Moët Hennessy, the company behind Moët & Chandon and Veuve Clicquot, released a new high-end wine. However, it wasn’t produced in Bordeaux but in Tibet. It’s a cabernet sauvignon called “Ao Yun”, sacred clouds in English.
The company had Australian oenologist Tony Jordan roam the massive country for four years looking for proper wine country before settling in the northwestern part of Yunnan province, only thirty-five kilometers from the Tibetan border.
Near the origins of the Mekong river, at elevations of more than two thousand meters, the company selected four villages, two on each side of the river for their grape potential.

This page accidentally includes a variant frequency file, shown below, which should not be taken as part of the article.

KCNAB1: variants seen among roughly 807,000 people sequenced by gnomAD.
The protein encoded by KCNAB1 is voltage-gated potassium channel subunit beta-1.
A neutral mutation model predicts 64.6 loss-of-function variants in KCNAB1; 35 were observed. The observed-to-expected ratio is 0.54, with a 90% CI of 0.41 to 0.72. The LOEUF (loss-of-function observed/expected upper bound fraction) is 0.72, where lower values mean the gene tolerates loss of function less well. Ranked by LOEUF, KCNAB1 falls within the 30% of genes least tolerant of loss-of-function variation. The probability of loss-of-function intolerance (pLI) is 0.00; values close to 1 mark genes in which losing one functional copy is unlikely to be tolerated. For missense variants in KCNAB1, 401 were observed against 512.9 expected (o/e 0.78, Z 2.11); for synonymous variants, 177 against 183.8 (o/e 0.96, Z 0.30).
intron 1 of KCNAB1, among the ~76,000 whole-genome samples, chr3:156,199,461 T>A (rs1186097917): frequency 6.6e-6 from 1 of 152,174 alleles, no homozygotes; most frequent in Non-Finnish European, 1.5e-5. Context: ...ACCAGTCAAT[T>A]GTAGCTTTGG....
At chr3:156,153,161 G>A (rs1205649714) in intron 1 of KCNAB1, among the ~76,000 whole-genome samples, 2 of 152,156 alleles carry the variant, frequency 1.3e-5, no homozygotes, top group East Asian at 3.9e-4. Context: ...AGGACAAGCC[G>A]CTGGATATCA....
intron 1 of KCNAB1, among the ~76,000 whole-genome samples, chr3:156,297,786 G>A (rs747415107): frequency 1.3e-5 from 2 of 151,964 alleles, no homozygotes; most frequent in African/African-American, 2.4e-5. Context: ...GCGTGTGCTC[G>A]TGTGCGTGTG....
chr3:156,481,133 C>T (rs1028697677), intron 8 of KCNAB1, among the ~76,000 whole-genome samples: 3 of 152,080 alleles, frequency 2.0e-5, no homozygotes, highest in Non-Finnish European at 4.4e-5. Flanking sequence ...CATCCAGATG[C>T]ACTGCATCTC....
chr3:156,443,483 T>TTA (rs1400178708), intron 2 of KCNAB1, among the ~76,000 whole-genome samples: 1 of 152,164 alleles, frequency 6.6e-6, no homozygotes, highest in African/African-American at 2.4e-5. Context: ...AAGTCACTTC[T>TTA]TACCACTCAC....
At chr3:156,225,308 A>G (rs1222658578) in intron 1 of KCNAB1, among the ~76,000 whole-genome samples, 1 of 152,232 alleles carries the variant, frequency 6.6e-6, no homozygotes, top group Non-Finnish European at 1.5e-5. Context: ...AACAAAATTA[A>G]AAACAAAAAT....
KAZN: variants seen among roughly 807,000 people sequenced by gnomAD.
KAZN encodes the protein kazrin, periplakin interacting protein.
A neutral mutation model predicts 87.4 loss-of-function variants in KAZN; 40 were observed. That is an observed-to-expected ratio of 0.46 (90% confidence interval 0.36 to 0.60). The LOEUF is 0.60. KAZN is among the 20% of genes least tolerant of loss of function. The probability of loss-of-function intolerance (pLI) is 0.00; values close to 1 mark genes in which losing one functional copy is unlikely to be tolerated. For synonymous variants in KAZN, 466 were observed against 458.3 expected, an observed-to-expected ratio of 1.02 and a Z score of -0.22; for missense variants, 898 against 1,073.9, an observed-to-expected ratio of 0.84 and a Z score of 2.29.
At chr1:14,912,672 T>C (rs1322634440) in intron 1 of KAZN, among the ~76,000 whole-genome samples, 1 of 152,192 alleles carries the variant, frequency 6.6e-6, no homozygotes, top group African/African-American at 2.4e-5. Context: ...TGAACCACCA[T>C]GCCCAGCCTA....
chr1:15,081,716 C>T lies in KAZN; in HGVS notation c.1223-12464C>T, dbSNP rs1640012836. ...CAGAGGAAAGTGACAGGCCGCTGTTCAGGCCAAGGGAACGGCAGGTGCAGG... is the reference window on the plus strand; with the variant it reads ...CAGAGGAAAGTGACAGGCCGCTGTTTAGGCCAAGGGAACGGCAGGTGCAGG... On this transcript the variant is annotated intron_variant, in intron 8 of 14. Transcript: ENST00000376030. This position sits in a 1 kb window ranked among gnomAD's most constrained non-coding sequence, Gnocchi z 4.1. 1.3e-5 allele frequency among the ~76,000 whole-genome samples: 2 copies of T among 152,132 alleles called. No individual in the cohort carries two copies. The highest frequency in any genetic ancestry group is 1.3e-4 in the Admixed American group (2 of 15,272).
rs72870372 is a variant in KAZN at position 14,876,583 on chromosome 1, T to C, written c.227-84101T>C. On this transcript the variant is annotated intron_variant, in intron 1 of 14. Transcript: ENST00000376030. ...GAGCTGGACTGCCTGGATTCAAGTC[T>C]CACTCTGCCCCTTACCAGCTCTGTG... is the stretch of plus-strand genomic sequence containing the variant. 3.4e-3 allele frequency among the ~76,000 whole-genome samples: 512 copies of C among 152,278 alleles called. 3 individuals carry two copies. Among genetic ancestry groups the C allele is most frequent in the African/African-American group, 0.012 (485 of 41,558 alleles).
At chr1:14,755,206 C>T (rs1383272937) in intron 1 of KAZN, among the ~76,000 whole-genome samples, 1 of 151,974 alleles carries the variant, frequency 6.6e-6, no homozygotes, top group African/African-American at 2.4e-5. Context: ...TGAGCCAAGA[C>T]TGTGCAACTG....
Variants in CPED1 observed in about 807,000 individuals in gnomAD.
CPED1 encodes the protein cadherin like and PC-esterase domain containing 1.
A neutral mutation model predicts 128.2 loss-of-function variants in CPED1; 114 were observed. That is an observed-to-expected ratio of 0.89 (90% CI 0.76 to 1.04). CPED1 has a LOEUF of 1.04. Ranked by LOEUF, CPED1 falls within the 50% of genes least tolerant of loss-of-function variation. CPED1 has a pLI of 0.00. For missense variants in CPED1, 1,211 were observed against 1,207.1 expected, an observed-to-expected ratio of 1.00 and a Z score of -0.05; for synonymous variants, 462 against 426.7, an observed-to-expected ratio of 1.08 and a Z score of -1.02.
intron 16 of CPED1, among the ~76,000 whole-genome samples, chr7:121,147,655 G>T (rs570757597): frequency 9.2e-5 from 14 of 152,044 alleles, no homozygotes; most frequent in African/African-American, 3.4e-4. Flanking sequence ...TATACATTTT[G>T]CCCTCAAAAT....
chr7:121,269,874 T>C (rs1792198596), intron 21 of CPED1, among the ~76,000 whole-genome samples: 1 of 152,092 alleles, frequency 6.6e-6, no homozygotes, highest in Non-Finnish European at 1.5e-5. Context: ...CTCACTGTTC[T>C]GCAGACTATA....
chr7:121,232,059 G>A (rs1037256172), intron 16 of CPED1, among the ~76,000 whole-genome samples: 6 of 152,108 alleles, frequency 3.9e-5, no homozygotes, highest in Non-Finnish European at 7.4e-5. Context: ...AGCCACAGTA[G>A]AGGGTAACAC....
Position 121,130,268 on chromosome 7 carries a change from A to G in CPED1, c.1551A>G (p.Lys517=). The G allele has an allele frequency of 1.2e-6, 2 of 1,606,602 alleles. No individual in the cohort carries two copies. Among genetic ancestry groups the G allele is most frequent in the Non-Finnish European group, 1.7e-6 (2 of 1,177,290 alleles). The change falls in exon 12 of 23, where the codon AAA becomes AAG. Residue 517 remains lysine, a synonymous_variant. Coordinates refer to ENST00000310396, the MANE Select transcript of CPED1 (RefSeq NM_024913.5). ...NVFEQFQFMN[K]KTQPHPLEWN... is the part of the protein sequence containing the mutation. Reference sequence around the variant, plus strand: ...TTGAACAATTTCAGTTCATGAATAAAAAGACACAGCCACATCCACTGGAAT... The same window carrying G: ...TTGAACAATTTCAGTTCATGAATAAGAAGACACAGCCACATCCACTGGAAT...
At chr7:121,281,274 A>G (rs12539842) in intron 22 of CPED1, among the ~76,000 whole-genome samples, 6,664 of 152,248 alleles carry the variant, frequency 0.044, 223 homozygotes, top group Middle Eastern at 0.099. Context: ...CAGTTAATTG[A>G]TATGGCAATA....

Jean-Guillaume Prats, president of Moët Hennessy Estates & Wine division told Bloomberg : “It’s not about soil but about how many hours of sunshine you have and what the cycle of weather is.” Because of shadows from the mountains there’s only sunlight from 11 am to 3 pm and thanks to the altitude the climate is dry and cool. The limited sunlight makes for a longer growing cycle. Prats compares it with slow cooking.
Most critics received the wine well, saying it is the best red out of China so far. Unsurprisingly it doesn’t come cheap at two hundred and fifty dollars per bottle. And while some critics say its price doesn’t reflect the quality of the flavor, it certainly puts China, the fifth largest wine producer by volume, on the map as a producer of good wine.